David Hilberman, an animator who started his career at Disney and went on to help form the United Productions of America animation studio, died July 5 in Palo Alto, Calif. He was 95.
Hilberman was blacklisted during the 1950s after helping to unionize colleagues in the animation business.
Born in Cleveland, he graduated Case Western Reserve U. and studied in Leningrad before moving to Los Angeles. He landed a job at Disney through a national talent search and worked on “Snow White and the Seven Dwarfs” and “Bambi” before WWII theater closures caused layoffs at the studio. Hilberman and other organizers encouraged employees to join the Screen Cartoonists’ Guild, which led to the animator’s strike of 1941.
Hilberman left Disney and joined with ex-Disney artists Zachary Schwartz and Stephen Bosustow to create Industrial Films and Poster Service, which created political and public service cartoons such as “Brotherhood of Man,” and “Hell-Bent for Election,” supporting President Roosevelt’s campaign. The company became United Productions of America in 1945, and Hilberman sold his share to Bosustow to travel to the Soviet Union and establish animation studios. But postwar changes in the Soviet Union put these plans on hold, and he moved to New York and formed commercial studio Tempo Productions. UPA went on to create the Mr. Magoo and Gerald McBoing Boing characters and became known for its distinctively modern style of animation.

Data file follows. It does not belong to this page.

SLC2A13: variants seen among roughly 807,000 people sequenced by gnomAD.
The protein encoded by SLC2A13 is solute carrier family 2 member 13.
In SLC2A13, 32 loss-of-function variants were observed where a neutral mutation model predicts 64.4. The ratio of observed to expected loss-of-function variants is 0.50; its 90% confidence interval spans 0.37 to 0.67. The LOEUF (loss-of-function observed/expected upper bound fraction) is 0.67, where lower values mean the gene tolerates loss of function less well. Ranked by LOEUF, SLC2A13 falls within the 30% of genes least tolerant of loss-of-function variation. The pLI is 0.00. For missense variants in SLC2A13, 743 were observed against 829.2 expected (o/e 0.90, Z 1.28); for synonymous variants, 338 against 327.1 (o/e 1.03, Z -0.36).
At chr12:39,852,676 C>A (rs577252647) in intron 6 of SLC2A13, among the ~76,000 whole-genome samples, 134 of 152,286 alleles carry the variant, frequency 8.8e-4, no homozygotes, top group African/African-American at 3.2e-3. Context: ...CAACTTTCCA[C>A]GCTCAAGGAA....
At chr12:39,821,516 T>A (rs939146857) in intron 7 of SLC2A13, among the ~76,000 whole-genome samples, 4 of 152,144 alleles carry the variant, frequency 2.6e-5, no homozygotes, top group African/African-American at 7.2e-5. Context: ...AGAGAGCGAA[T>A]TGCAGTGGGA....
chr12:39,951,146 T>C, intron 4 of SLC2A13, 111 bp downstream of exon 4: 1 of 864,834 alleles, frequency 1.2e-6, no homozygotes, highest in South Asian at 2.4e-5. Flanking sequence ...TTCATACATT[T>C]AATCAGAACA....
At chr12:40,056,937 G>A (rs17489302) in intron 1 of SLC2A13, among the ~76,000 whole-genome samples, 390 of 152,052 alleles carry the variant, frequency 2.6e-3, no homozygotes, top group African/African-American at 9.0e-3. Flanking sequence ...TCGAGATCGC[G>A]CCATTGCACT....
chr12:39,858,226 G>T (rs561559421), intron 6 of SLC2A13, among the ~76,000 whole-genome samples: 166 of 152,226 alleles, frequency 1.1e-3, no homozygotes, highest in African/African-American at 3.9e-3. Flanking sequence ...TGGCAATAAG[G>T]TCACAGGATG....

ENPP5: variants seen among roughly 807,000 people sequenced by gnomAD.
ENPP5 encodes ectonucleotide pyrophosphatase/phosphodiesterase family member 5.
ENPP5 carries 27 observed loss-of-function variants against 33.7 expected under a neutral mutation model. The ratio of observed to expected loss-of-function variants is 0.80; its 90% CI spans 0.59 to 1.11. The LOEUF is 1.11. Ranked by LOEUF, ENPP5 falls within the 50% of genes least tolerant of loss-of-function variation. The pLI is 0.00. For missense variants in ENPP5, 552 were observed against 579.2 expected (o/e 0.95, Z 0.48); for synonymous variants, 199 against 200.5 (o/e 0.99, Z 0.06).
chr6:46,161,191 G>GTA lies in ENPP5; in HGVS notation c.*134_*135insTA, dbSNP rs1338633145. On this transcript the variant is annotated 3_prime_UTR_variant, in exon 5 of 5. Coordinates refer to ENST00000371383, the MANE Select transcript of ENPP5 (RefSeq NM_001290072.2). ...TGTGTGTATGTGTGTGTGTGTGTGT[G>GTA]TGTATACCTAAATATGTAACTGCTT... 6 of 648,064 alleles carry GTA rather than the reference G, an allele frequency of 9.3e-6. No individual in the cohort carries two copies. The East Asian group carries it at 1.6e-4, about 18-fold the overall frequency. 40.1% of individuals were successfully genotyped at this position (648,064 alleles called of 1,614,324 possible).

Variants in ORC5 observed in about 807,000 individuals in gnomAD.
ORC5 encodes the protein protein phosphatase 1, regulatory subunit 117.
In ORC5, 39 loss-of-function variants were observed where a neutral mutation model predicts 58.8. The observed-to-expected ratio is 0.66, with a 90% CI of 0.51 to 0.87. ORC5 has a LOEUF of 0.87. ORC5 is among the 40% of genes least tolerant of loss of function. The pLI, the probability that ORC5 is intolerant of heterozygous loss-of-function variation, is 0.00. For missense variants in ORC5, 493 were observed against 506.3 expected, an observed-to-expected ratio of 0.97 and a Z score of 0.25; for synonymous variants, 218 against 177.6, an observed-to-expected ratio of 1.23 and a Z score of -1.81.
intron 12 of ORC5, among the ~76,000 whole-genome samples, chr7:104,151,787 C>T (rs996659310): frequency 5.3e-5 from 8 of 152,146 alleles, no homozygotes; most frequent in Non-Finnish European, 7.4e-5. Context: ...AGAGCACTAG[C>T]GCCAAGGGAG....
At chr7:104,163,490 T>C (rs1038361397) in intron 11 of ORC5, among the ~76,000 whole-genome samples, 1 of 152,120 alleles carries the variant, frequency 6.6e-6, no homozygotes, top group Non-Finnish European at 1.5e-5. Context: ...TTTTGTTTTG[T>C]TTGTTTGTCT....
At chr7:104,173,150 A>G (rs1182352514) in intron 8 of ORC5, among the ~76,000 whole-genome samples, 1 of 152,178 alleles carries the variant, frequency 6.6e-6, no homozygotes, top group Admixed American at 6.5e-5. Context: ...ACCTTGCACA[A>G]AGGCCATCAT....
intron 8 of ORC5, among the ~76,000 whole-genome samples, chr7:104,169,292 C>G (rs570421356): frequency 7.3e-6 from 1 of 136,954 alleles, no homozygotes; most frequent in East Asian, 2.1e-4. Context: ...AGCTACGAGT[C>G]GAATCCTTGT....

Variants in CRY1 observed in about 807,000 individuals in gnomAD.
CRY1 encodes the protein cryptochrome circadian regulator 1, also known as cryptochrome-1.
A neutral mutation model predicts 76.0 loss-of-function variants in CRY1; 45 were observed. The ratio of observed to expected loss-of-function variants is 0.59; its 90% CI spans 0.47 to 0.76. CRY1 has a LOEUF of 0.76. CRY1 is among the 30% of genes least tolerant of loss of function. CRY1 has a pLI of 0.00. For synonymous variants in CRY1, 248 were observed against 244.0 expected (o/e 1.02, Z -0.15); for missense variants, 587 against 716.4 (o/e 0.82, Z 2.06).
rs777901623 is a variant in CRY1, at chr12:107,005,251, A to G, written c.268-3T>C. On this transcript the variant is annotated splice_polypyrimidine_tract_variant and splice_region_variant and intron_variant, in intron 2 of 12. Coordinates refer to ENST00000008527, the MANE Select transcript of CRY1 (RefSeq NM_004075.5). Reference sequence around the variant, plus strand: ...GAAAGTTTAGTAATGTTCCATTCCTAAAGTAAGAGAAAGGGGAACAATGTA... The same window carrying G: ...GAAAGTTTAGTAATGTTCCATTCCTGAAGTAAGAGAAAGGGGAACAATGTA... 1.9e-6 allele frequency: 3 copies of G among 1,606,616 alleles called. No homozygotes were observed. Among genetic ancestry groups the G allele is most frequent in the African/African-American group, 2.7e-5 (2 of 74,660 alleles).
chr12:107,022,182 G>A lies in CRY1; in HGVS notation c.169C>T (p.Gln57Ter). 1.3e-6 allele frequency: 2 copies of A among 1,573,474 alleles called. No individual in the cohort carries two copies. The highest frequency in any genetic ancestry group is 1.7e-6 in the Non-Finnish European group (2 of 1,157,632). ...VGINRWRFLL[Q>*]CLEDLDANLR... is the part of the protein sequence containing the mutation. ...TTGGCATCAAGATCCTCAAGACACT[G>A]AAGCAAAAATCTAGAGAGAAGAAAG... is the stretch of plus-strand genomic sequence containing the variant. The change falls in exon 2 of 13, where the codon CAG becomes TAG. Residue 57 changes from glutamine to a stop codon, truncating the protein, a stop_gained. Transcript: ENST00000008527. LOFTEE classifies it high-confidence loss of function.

Testimony from Walt Disney before the House Un-American Activities Committee and commentary by gossip columnist Walter Winchell alleged Hilberman was a communist, forcing closure of Tempo. Hilberman never testified, but turned to freelancing in Europe before returning to the U.S. where he attended UCLA and taught film at San Francisco State from 1967 to 1973.
He is survived by two sons; a daughter; nine grandchildren and four great-grandchildren.